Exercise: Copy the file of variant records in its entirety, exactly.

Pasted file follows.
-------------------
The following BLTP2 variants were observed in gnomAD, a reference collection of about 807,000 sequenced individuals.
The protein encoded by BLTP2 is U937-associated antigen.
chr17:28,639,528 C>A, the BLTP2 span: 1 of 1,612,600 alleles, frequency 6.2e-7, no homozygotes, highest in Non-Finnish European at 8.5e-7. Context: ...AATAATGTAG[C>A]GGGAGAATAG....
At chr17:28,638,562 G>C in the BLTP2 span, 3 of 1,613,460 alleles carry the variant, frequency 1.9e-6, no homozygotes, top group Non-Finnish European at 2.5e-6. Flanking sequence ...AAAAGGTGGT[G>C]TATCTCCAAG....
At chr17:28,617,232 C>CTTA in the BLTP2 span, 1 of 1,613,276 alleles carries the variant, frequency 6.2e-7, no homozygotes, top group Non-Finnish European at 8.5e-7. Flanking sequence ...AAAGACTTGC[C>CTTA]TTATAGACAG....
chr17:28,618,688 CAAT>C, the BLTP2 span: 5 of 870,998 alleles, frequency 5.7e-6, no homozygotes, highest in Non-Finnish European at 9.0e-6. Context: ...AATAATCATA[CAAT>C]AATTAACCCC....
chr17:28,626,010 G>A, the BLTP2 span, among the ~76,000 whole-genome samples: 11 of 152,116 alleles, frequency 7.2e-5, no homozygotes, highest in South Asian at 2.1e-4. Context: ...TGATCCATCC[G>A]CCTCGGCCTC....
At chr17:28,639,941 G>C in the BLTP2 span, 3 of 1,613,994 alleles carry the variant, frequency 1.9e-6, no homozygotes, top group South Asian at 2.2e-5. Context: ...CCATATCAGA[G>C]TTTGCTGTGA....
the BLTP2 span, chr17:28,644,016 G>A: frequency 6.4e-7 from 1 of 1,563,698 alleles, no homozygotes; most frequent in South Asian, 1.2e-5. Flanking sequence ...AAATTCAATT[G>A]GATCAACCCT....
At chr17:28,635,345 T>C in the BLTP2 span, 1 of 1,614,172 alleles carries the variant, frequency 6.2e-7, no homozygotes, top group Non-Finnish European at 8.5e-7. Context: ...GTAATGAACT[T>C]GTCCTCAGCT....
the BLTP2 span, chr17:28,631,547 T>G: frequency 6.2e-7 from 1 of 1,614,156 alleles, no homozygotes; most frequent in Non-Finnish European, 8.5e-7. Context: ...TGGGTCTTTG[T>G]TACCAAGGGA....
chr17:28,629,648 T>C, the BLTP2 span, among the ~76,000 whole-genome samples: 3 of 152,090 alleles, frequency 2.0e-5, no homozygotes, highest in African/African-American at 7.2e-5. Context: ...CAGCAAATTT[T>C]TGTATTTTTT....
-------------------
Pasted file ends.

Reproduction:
The following BLTP2 variants were observed in gnomAD, a reference collection of about 807,000 sequenced individuals.
The protein encoded by BLTP2 is U937-associated antigen.
chr17:28,639,528 C>A, the BLTP2 span: 1 of 1,612,600 alleles, frequency 6.2e-7, no homozygotes, highest in Non-Finnish European at 8.5e-7. Context: ...AATAATGTAG[C>A]GGGAGAATAG....
At chr17:28,638,562 G>C in the BLTP2 span, 3 of 1,613,460 alleles carry the variant, frequency 1.9e-6, no homozygotes, top group Non-Finnish European at 2.5e-6. Flanking sequence ...AAAAGGTGGT[G>C]TATCTCCAAG....
At chr17:28,617,232 C>CTTA in the BLTP2 span, 1 of 1,613,276 alleles carries the variant, frequency 6.2e-7, no homozygotes, top group Non-Finnish European at 8.5e-7. Flanking sequence ...AAAGACTTGC[C>CTTA]TTATAGACAG....
chr17:28,618,688 CAAT>C, the BLTP2 span: 5 of 870,998 alleles, frequency 5.7e-6, no homozygotes, highest in Non-Finnish European at 9.0e-6. Context: ...AATAATCATA[CAAT>C]AATTAACCCC....
chr17:28,626,010 G>A, the BLTP2 span, among the ~76,000 whole-genome samples: 11 of 152,116 alleles, frequency 7.2e-5, no homozygotes, highest in South Asian at 2.1e-4. Context: ...TGATCCATCC[G>A]CCTCGGCCTC....
At chr17:28,639,941 G>C in the BLTP2 span, 3 of 1,613,994 alleles carry the variant, frequency 1.9e-6, no homozygotes, top group South Asian at 2.2e-5. Context: ...CCATATCAGA[G>C]TTTGCTGTGA....
the BLTP2 span, chr17:28,644,016 G>A: frequency 6.4e-7 from 1 of 1,563,698 alleles, no homozygotes; most frequent in South Asian, 1.2e-5. Flanking sequence ...AAATTCAATT[G>A]GATCAACCCT....
At chr17:28,635,345 T>C in the BLTP2 span, 1 of 1,614,172 alleles carries the variant, frequency 6.2e-7, no homozygotes, top group Non-Finnish European at 8.5e-7. Context: ...GTAATGAACT[T>C]GTCCTCAGCT....
the BLTP2 span, chr17:28,631,547 T>G: frequency 6.2e-7 from 1 of 1,614,156 alleles, no homozygotes; most frequent in Non-Finnish European, 8.5e-7. Context: ...TGGGTCTTTG[T>G]TACCAAGGGA....
chr17:28,629,648 T>C, the BLTP2 span, among the ~76,000 whole-genome samples: 3 of 152,090 alleles, frequency 2.0e-5, no homozygotes, highest in African/African-American at 7.2e-5. Context: ...CAGCAAATTT[T>C]TGTATTTTTT....